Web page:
March to iden­tity

Napoleon’s Dou­ble By An­toni Jach Gi­ra­mondo, 314pp, $ 29.95

The Weekend Australian - Review - - Books - Kathy Hunt

BORN in 1688, Alexan­der Pope never grew higher than 137cm, as a re­sult of ill­ness. In his Life of Pope , Samuel John­son says that to be seen at a din­ing ta­ble, let alone heard, ‘‘ it was nec­es­sary to raise his seat’’. Per­haps cush­ions or books were em­ployed here, a com­bi­na­tion of ta­pes­try and Tac­i­tus.

In 1728 the first edi­tion of The Dun­ciad ap­peared, Pope’s satire on dull­ness that meant to, and did, of­fend most of Eng­land’s writ­ers and all of its hacks. Bits of hell broke loose, and as a pre­cau­tion Pope never left the house with­out his great dane and a loaded pis­tol in both pock­ets.

We shall re­turn to Pope and the good old days, but first we must ex­am­ine a con­tem­po­rary ‘‘ work of ideas’’, An­toni Jach’s wak­ing dream of seven French ‘‘ sons of the En­light­en­ment’’ and their jour­neys to Egypt and New Hol­land.

Napoleon’s Dou­ble be­gan life as a short story called March­ing with Napoleon that was pub­lished in the lit­er­ary jour­nal Heat . Its premise was thought by some to be worth nov­el­is­ing, and voila.

Jach’s book is writ­ten in the dreary present tense, still more pop­u­lar with pub­lish­ers than read­ers. De­spite this, his style is easy on the eye and at first the nar­ra­tive pro­ceeds smoothly, pro­pelled by the ar­rival in Egypt of ‘‘ our band of seven’’, Jean- Yves, Jean- An­toine the nar­ra­tor, Jean- Claude, Jean- Baptiste, Jean- Marie and the twins Jean- Juste and Jean- Noel. This is as close to cut­ting the mus­tard as the group, all from a vil­lage near Di­jon, will get.

In Napoleon’s war against the Mamelukes, the con­scripts are as­signed as gun­ners and in the bat­tle of Shubra Khit Jean- Yves is ac­ci­den­tally cred­ited with blow­ing up an en­emy ship. This brings him to the at­ten­tion of a com­mand­ing of­fi­cer who hap­pens to no­tice his re­sem­blance to the 28- year- old Napoleon. Along with Cae­sar and At­tila the Hun, Bon­a­parte used dou­bles, al­though we get the im­pres­sion his ego could hardly bear it. But with sev­eral Napoleons seen on one day at He­liopo­lis, Saqqara, Giza and Cairo, for ex­am­ple, the gen­eral pop­u­lace be­came con­vinced of his god­like om­nipres­ence. This as­pect of the tac­tic must have ap­pealed to the great man who, Jach for­gets to say, even­tu­ally left his troops for dead in Egypt.

In Cairo, where our hun­gry sol­diers risk im­pris­on­ment for steal­ing dates, the revered but ined­i­ble teach­ings of Rousseau, Voltaire, Mar­cus Aure­lius and Plato must also com­pete with the charms of ‘‘ fair boun­ti­ful maid­ens’’ poached in camels’ milk and basted with per­fumed oils. Atyp­i­cally French, our sa­vants choose En­light­en­ment ideals over sex in the seraglio and the story never re­cov­ers.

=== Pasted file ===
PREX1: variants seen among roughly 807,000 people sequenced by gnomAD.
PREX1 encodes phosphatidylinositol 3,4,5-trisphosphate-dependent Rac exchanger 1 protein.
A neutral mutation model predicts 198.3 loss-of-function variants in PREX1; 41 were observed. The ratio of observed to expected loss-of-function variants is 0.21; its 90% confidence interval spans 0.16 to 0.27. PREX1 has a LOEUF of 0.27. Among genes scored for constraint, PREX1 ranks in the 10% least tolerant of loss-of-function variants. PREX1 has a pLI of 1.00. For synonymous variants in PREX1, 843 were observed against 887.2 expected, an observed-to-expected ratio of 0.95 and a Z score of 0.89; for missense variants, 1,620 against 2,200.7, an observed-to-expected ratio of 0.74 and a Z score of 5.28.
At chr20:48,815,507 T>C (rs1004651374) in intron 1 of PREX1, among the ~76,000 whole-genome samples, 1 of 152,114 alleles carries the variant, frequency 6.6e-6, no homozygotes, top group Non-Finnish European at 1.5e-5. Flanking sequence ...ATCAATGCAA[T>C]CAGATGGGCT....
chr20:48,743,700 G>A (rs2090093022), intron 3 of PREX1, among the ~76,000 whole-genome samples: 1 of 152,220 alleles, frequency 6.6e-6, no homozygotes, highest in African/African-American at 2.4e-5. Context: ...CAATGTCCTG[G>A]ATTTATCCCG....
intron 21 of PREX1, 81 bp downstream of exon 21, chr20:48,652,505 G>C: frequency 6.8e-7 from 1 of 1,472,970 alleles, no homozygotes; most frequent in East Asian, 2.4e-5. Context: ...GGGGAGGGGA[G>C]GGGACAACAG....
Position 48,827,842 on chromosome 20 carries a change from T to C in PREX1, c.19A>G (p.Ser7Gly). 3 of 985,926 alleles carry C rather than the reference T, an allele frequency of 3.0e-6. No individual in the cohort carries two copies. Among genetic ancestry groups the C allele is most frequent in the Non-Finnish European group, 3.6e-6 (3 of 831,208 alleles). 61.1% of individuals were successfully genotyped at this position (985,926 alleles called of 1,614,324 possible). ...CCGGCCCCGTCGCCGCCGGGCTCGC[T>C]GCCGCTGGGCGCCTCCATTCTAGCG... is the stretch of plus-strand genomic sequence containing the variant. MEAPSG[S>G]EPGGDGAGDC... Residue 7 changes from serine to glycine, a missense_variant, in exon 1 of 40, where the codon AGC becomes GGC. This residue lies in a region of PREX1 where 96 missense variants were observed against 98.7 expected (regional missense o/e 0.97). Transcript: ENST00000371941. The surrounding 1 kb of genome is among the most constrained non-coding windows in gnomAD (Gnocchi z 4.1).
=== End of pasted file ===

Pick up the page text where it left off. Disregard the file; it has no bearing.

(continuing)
Hav­ing failed to get phys­i­cal, the meta­phys­i­cal fa­ble is last seen ‘‘ stum­bling around in the dark’’. Jach has lost his way and when the tale sails south the ef­fort is mir­rored in the text: ‘‘ There are long pe­ri­ods of bore­dom on the Geographe . . . You ei­ther give up or push for­ward — there is no other choice.’’

Al­most half­way through this forced march, Pope’s wit and Jach’s dull­ness meet. On Napoleon’s or­ders, four of the sur­viv­ing Jeans have sailed with Ni­co­las Baudin on an ex­pe­di­tion to ex­plore the west coast of New Hol­land. On board, a nat­u­ral­ist called Peron quotes a favourite say­ing ‘‘ which he de­rives from [ the French philoso­pher] Joseph Marie Degerando and oth­ers, that the proper study of mankind is man’’. For a book that pur­ports to be a song to phi­los­o­phy, this is a dis­turb­ing er­ror. In his 1734 Es­say on Man, it was Pope who wrote ‘‘ Know then thy­self, pre­sume not God to scan / The proper study of Mankind is Man.’’ Seventy years later in his Com­par­a­tive Study of Philo­soph­i­cal Sys­tems , Joseph Marie, baron Degerando, may well have quoted Pope but for Jach to have at­trib­uted the lines to him ‘‘ and oth­ers’’ is just plain sloppy.

Per­haps an­tic­i­pat­ing th­ese com­ments, JeanAn­toine brings his ‘‘ mis­shapen, er­ror- rid­den chron­i­cle’’ to an end in Rose- Hill, NSW, where, in a stun­ning irony, the set­tlers are in­ter­pret­ing Rousseau with un­ex­pected re­sults.

Yet here, when it’s all too late, Jach’s brief satire on the colo­nial mind hints at the sort of book Napoleon’s Dou­ble might have been.

Visit­ing two French vi­gnerons near Syd­ney, Jean- An­toine is told about the evolv­ing cul­ture and warned against pre­ten­sion of any kind. This in­cludes think­ing, read­ing a book, us­ing large words and hav­ing an opin­ion. ‘‘ Here,’’ JeanAn­toine is in­formed, the prin­ci­pal aim ‘‘ is for ev­ery­one to be or­di­nary.’’ A per­ceiver of pat­terns, Pope would have ap­proved. Kathy Hunt is a lit­er­ary critic based in rural Vic­to­ria.

Ex­act science: Napoleon used body dou­bles

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